The Vatican will be grilled for the first time Thursday at a UN hearing in Geneva over its alleged protection of paedophile priests and its implementation of a UN convention that requires signatories to protect children from harm.
It is the first time the Holy See has had to defend its record at length or in court since it successfully argued that, as a sovereign state, it was immune from lawsuits. The Vatican has also maintained that bishops were responsible for sanctioning paedophile priests, and not the pope or the Vatican.
While the Holy See has had to answer questions about abuse at the separate UN Human Rights Council, this is the first UN hearing dedicated to the issue and the Vatican was compelled to submit to it as a signatory to the UN Convention on the Rights of the Child.
Vatican officials have privately said that they are hoping, at best, to do damage control at Thursday's session.
Victims groups and human rights organisations teamed up to press the UN committee to challenge the Holy See on its abuse record, providing written testimony from victims and evidence outlining the global scale of the problem. Their reports cite case studies in Mexico and Britain, grand jury investigations in the United States and government fact-finding inquiries from Canada to Ireland to Australia that detail how the Vatican's policies, its culture of secrecy and a persistent fear of scandal contributed to the problem.
The Holy See ratified the convention on children’s rights in 1990 and submitted a first implementation report in 1994. But it did not provide progress reports for nearly a decade, and only submitted one in 2012 after coming under criticism following mass revelations in 2010 of child sex abuse cases in Europe and beyond.
The UN committee, which is composed of independent experts, will issue its final observations and recommendations on February 5. The recommendations are not binding and the committee has no ability to sanction the Vatican for any shortcomings. Rather, the process is aimed at encouraging – and perhaps shaming – the treaty’s signatories into abiding by their international commitments.
The committee had also asked the Holy See to provide detailed information on all the cases of abuse that were brought to its attention – a number that the Vatican has acknowledged tops 4,000.
In its written response to the committee submitted last month, the Vatican declined to provide such information and ducked many of the committee's questions. It said it was only responsible for implementing the UN treaty where it exercises territorial control, on the 44 hectares (110 acres) of the Vatican City State in downtown Rome where only 31 children currently reside.
Rights groups disputed that interpretation, saying the UN committee itself had recognised that the convention isn't limited to state borders and noting that the committee had, in the past, urged states to implement its regulations beyond territorial frontiers.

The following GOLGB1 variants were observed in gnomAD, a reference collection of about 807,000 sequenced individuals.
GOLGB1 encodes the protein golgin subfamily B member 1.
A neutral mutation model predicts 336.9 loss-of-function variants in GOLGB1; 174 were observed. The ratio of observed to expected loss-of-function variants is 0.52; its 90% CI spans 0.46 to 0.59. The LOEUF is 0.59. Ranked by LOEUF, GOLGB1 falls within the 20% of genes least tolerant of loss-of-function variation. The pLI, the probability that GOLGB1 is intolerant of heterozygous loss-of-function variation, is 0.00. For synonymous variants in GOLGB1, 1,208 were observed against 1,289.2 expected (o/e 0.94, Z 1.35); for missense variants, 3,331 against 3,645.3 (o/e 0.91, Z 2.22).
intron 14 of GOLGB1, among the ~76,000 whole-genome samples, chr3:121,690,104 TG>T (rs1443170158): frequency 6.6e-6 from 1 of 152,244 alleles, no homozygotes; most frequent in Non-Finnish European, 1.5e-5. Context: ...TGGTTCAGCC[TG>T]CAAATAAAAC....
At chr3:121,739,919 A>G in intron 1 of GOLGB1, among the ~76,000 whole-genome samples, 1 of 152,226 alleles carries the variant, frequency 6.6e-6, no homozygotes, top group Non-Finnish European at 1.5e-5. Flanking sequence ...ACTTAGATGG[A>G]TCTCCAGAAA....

The submissions to the UN committee reference Vatican documents that show its officials knew about a notorious Mexican molester, decades before taking action. They cite correspondence from a Vatican cardinal praising a French bishop's decision to protect his abusive priest, and another Vatican directive to Irish bishops not to report abusers to police as required. The submissions even quote the former Vatican No. 2 as saying bishops should not be expected to turn in their priests.
“For too many years, survivors were the only ones speaking out about this and bearing the brunt of a lot of criticism,” said Pam Spees, an attorney at the Center for Constitutional Rights, which provided a key report to the committee. “And so this is a very important moment for many, many people who are here in Geneva and around the world who will be watching as the Holy See is called for the first time ever to actually answer questions.”
The Vatican spokesman, the Reverend Federico Lombardi, said Wednesday that the Holy See ratified the treaty because of its longstanding commitment to caring for children in the fields of education, healthcare, refugee services and other outreach to families in need.
He said that while abuses had occurred at the hands of churchmen, it was important to distinguish between where the Holy See bore responsibility and where local authorities should have intervened.
“The Holy See is not an organisation in which all the priests or Catholics of the world are employees. It's a big religious community,” he told The Associated Press. “Every member of this community has responsibilities as citizens of the country where he or she lives and with the authorities of that country.”
The Vatican will be represented by its most authoritative official on the issue, Monsignor Charles Scicluna, who for a decade has been the Holy See's chief sex-crimes prosecutor. He is credited with having overhauled the Vatican's procedures to prosecute paedophiles in-house and made it easier to defrock them when judged guilty.
But despite that progress, the Vatican to date has refused to instruct its bishops to report suspected cases of abuse to police, saying they need only do so when required to by local laws.
(FRANCE 24 with AP)
Date created : 2014-01-16